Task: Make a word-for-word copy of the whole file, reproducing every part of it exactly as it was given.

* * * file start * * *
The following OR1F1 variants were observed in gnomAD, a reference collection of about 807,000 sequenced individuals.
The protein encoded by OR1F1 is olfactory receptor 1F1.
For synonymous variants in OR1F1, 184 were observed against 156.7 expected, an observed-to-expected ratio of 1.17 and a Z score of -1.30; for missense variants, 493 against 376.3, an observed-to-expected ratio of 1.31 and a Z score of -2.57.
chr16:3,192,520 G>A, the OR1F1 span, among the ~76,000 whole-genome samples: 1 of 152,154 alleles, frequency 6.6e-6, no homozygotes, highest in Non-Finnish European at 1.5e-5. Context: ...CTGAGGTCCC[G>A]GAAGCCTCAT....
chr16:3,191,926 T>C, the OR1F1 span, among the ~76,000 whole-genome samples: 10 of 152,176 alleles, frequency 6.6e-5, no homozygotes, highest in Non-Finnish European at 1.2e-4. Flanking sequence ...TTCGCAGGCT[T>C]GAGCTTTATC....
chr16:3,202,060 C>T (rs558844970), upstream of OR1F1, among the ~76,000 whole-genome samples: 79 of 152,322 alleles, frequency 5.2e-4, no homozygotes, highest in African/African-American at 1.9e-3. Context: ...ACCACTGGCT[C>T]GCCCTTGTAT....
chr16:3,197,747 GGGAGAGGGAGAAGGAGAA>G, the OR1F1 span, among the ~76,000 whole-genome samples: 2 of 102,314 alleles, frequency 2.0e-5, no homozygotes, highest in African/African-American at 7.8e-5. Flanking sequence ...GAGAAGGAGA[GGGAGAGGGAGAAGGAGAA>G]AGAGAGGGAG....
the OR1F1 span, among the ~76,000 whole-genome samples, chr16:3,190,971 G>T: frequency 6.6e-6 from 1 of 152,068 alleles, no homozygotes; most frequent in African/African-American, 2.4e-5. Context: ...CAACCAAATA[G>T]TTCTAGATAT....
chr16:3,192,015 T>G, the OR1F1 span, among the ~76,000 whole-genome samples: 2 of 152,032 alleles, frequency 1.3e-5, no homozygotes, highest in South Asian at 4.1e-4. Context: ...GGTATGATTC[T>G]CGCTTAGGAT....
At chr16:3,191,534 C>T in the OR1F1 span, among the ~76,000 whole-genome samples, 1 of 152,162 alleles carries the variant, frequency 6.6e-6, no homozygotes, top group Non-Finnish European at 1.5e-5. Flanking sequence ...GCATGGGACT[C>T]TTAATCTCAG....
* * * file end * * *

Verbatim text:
The following OR1F1 variants were observed in gnomAD, a reference collection of about 807,000 sequenced individuals.
The protein encoded by OR1F1 is olfactory receptor 1F1.
For synonymous variants in OR1F1, 184 were observed against 156.7 expected, an observed-to-expected ratio of 1.17 and a Z score of -1.30; for missense variants, 493 against 376.3, an observed-to-expected ratio of 1.31 and a Z score of -2.57.
chr16:3,192,520 G>A, the OR1F1 span, among the ~76,000 whole-genome samples: 1 of 152,154 alleles, frequency 6.6e-6, no homozygotes, highest in Non-Finnish European at 1.5e-5. Context: ...CTGAGGTCCC[G>A]GAAGCCTCAT....
chr16:3,191,926 T>C, the OR1F1 span, among the ~76,000 whole-genome samples: 10 of 152,176 alleles, frequency 6.6e-5, no homozygotes, highest in Non-Finnish European at 1.2e-4. Flanking sequence ...TTCGCAGGCT[T>C]GAGCTTTATC....
chr16:3,202,060 C>T (rs558844970), upstream of OR1F1, among the ~76,000 whole-genome samples: 79 of 152,322 alleles, frequency 5.2e-4, no homozygotes, highest in African/African-American at 1.9e-3. Context: ...ACCACTGGCT[C>T]GCCCTTGTAT....
chr16:3,197,747 GGGAGAGGGAGAAGGAGAA>G, the OR1F1 span, among the ~76,000 whole-genome samples: 2 of 102,314 alleles, frequency 2.0e-5, no homozygotes, highest in African/African-American at 7.8e-5. Flanking sequence ...GAGAAGGAGA[GGGAGAGGGAGAAGGAGAA>G]AGAGAGGGAG....
the OR1F1 span, among the ~76,000 whole-genome samples, chr16:3,190,971 G>T: frequency 6.6e-6 from 1 of 152,068 alleles, no homozygotes; most frequent in African/African-American, 2.4e-5. Context: ...CAACCAAATA[G>T]TTCTAGATAT....
chr16:3,192,015 T>G, the OR1F1 span, among the ~76,000 whole-genome samples: 2 of 152,032 alleles, frequency 1.3e-5, no homozygotes, highest in South Asian at 4.1e-4. Context: ...GGTATGATTC[T>G]CGCTTAGGAT....
At chr16:3,191,534 C>T in the OR1F1 span, among the ~76,000 whole-genome samples, 1 of 152,162 alleles carries the variant, frequency 6.6e-6, no homozygotes, top group Non-Finnish European at 1.5e-5. Flanking sequence ...GCATGGGACT[C>T]TTAATCTCAG....